Next time you order takeout or sit down at your favorite restaurant for a meal, you might notice you're paying a bit more than normal.
As the coronavirus pandemic continues to take a toll on businesses large and small across the country, many restaurant owners have added something called a COVID-19 surcharge to their customers' bills to help offset the cost of cleaning supplies, personal protective equipment for staff, disposable menus and more.
Whether it comes in the form of a 5% fee or an extra dollar tacked onto your bill, COVID-19 surcharges are becoming increasingly common and NBC News investigative and consumer correspondent Vicky Nguyen explored the rising trend on TODAY on Monday.
According to the National Restaurant Association, the safety measures restaurants have had to put in place during the pandemic cost each business around $10,000 on average. The rising cost of meat and other foods that have skyrocketed in price during the pandemic is also a factor and many restaurant owners say COVID-19 "recovery fees" are necessary to help businesses stay afloat.
"It’s just a small percentage to cover all of our extra expenses," Brian Staack, owner of Missouri's Bootleggers BBQ restaurant, told KY3 News.
Restaurants have been hit particularly hard during the pandemic, so COVID-19 surcharges make sense in theory, but many consumers aren't exactly thrilled about them.
"It's another greedy hand in my pocket, which, I have enough from other taxes and surcharges and reasons," one male shopper commented.
COVID-19 surcharges aren't unique to restaurants, and many salons and dental practices have also begun implementing them to help recoup the costs of protective equipment and cleaning supplies.
At the Coco Bond Salon in New Jersey, owner Erin McCabe adds $2.50 to each bill and says she needs to fees to stay open.
"It's really not for us to make money. It's just for us to stay afloat," she said.
Still, CreditCard.com's industry analyst Ted Rossman says businesses need to proceed with caution when it comes to tacking on extra fees right now.
"This is upsetting a lot of customers who may be struggling with their own finances, they may feel caught by surprise. They're feeling nickeled and dimed," he told TODAY.
Rossman went so far as to suggest that businesses are better off raising prices as opposed to implementing a COVID-19 surcharge.
"I know that that's not taken lightly. But I think that that sits better with the consumer," he said. "A lot of us don't remember exactly how much it cost the last time we got our hair cut or our teeth cleaned or we ate out at a restaurant. When you put it on a receipt in black and white and it says, 'COVID surcharge,' that's what gets people upset."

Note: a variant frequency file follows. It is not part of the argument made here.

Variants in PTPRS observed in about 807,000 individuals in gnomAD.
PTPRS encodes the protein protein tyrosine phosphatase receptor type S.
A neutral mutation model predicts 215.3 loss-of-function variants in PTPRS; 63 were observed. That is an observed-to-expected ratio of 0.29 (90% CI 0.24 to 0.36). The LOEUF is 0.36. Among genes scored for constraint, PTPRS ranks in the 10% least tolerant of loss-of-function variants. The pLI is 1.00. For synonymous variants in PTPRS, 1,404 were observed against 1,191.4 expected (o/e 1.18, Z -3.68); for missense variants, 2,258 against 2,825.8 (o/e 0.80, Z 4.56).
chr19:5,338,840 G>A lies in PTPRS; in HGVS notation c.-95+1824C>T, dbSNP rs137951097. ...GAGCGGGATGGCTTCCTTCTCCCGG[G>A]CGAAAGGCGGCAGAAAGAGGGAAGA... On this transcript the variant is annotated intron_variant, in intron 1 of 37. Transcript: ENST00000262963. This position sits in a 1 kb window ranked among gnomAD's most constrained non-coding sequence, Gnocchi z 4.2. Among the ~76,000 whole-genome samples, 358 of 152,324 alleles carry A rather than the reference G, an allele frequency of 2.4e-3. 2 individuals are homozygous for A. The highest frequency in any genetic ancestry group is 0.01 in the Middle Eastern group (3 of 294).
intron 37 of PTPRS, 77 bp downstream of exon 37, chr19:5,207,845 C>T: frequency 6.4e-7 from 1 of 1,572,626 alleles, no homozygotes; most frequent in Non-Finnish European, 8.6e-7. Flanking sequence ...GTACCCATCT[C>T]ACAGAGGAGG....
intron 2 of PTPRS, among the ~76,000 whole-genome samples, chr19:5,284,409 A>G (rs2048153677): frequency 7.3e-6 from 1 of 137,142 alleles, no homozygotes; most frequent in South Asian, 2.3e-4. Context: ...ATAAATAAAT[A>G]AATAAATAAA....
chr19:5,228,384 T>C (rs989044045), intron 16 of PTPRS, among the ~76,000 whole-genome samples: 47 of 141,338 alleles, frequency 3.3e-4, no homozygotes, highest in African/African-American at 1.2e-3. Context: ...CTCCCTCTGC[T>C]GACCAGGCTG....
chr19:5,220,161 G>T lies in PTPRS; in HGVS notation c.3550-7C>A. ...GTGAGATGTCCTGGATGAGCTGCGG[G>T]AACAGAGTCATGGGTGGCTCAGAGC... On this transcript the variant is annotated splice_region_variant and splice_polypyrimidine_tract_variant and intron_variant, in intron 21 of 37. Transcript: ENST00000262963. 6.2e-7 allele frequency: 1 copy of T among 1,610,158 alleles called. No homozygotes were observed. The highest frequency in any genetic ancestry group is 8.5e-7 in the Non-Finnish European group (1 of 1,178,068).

Many businesses across the country have faced major backlash after implementing a COVID-19 surcharge.
Kiko Japanese Steakhouse & Sushi Lounge in West Plains, Missouri, implemented a 5% fee last May only to remove it days later after intense social media outrage. Instead, they decided to raise their prices.
"We can take the harassment on our social media, but when they start being ugly to our employees here, it really bothers us," the restaurant's owner and managing partner Billy Yuzar told TODAY Food at the time. "This is why we decided to just eat the cost of printing new menu and adjust it weekly. We will go back to our normal prices once food prices go back to normal."
In most states, it is legal for businesses to add on surcharges, but they must disclose them to consumers through signage, verbal notifications or on a receipt. And if you do come across a COVID-19 surcharge that wasn't properly disclosed, you can always ask the business to remove the charge or file a complaint with a local regulator.
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Many consumers worry that extra charges are unfair to customers who are also struggling during the pandemic, and some frustrated customers are taking it out on their server and neglecting to leave a tip. But remember, these charges are only temporary and the tip goes directly to the server.
"The businesses we spoke to said the COVID-19 surcharge is not meant to replace tips for employees. That’s an important difference: a tip goes directly to employees whereas these COVID-19 charges are supposed to go towards operating costs, not employee paychecks," Nguyen said.